I started learning and collecting bawdy songs when I was in the Air Force; every fighter squadron I flew with had an unofficial songbook (that’s one of my old squadron songbooks on the left). Midway through my USAF career I started running with the Hash House Harriers, who, like rugby players and fighter pilots, share a love of bawdy song.
Eventually I put together my own songbook. Hash chapters all over the world use it; I get requests for copies every week. There’s a copy in the American Folklife Archive of the US Library of Congress. I’ve shared my versions of classic and little-known bawdy songs with scholars and folk singers.
Hey, it’s a hobby, but an increasingly disreputable one. Today, witness the witch hunts on Twitter, people are quick to take offense and pile on. There are a hell of a lot of songs in my collection that belittle women and depict them as depraved sexual wantons. Many are racist (though I must say not to the level of those frat guys on the bus with their n-word chant). The truly gross ones are traditional military songs about war: have you heard of a little ditty called Napalm Sticks to Kids? Jesus.
A group of sexual assault victims is suing the Department of Defense. They want to force the military to bring in outside investigators and stop allowing commanders to whitewash sexual assaults in-house, a topic I’ve addressed here before. This time they’ve introduced an “unofficial” USAF squadron songbook into evidence, claiming it exposes a “continuing culture in the Air Force and military that glorifies sexual violence.” The songbook bears the logo of the 77th Fighter Squadron, based at Shaw AFB in South Carolina. It probably looks a lot like my old 43rd Fighter Squadron songbook, and it’s very likely I know all the songs in it.
There are literally hundreds of organizations — hash chapters, military units, fraternities, athletic clubs, fire and police departments, even corporations — whose members Xerox and pass around unofficial songbooks. Unofficial they may be, but all the ones I’ve seen have organizational, corporate, or unit labels on their covers. In the wrong context — a courtroom, say, or on the front page of a newspaper — they look mighty damned official.
I no longer sing the really offensive songs in my collection (in fact I’ve deleted a few of the worst ones), but the songbook’s out there, with my name on it, and there’s no taking it back. Good thing I’m not looking for a job, I guess.
From all I hear, nuclear proliferation experts and other grownups are very happy with the framework agreement we worked out with Iran. That’s more than I dared hope for; the talks could easily have broken down, especially with conservatives in this country and elsewhere working overtime to sabotage them.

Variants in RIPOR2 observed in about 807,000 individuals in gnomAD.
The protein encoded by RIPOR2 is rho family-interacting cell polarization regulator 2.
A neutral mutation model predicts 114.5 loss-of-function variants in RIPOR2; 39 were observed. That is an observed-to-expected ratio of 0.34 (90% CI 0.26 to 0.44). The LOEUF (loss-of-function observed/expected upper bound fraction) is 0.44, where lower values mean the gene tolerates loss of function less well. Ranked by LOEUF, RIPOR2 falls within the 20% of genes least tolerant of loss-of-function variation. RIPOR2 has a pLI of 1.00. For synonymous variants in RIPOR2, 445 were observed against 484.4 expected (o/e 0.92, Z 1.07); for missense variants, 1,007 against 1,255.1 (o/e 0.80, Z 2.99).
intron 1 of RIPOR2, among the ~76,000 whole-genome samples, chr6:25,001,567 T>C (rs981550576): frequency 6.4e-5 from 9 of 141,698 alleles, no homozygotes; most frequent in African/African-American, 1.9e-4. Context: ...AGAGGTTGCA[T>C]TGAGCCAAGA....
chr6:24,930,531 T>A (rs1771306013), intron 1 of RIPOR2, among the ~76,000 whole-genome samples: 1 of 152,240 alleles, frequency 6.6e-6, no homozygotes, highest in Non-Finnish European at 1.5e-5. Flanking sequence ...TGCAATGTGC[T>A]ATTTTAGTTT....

We know what Netanyahu and Republicans in the US Congress think of these negotiations, but so far only one of my Jewish friends has weighed in: she’s opposed to any talks or agreements with Iran, period. This doesn’t surprise me, and I expect I’ll hear similar opinions from other friends soon. But I have to ask, what’s the alternative?
What we’re working toward with Iran sounds a lot like the policy of containment we adopted toward the Soviet Union after WWII. I seem to recall we negotiated several nuclear weapon and ICBM treaties with the USSR during those years. Our policy was an effective one.
I think I’ll try to wait out the overheated rhetoric coming from the bomb-bomb-bomb-Iran crowd.
April’s stacking up to be an active month. One, I’ve been slacking on gym visits and bicycle rides; that’s over and I’m working out again. Two, there’s a hash next Sunday. Three, our friend Angie is coming to visit and she and I will be the hares for a bicycle hash the Sunday after that, which means at least one trail-scouting outing beforehand. Four, I’m going on a four-day motorcycle ride with my friend Ed through Arizona, Utah, and Nevada at the end of the month.
The bicycle hash is on the same day (Sunday, April 19) as Tucson’s annual Cyclovia, a combination bicycle ride and street fair. I emailed Angie to suggest we plan our trail so that it intersects with the Cyclovia route, preferably the street fair part where there’ll be a bicycle swap meet and food trucks. Should be fun.
Naturally, though, for the next three weeks Tucson is repaving a major east/west street that runs right through the middle of our planned route. Crossing points will vary from day to day: crossings that are open the day we scout trail may not be the same ones that are open two Sundays from now, when a pack of riders will be chasing our asses. Drama!
As for today, I just finished the weekly outdoor chores: dog poop patrol, adding water to the pool, adjusting spa chemicals, refilling bird feeders. Speaking of birds, the mama hummingbirds are on their ceiling hook nests again, sitting on the next generation’s eggs.
Later this morning, Donna wants me to hold the cat while she shaves its butt. Chewie’s in her 19th year and letting herself go, the poor old thing. Her coat’s a rat’s nest, and apparently she soiled herself last night and drug her bottom on the floor to scrape it off. I have a small beard trimmer I no longer use; after this I might just throw it away.
The world needs a bawdy song about shaving a cat’s ass. Maybe I’ll write one!
© 2015, Paul Woodford. All rights reserved.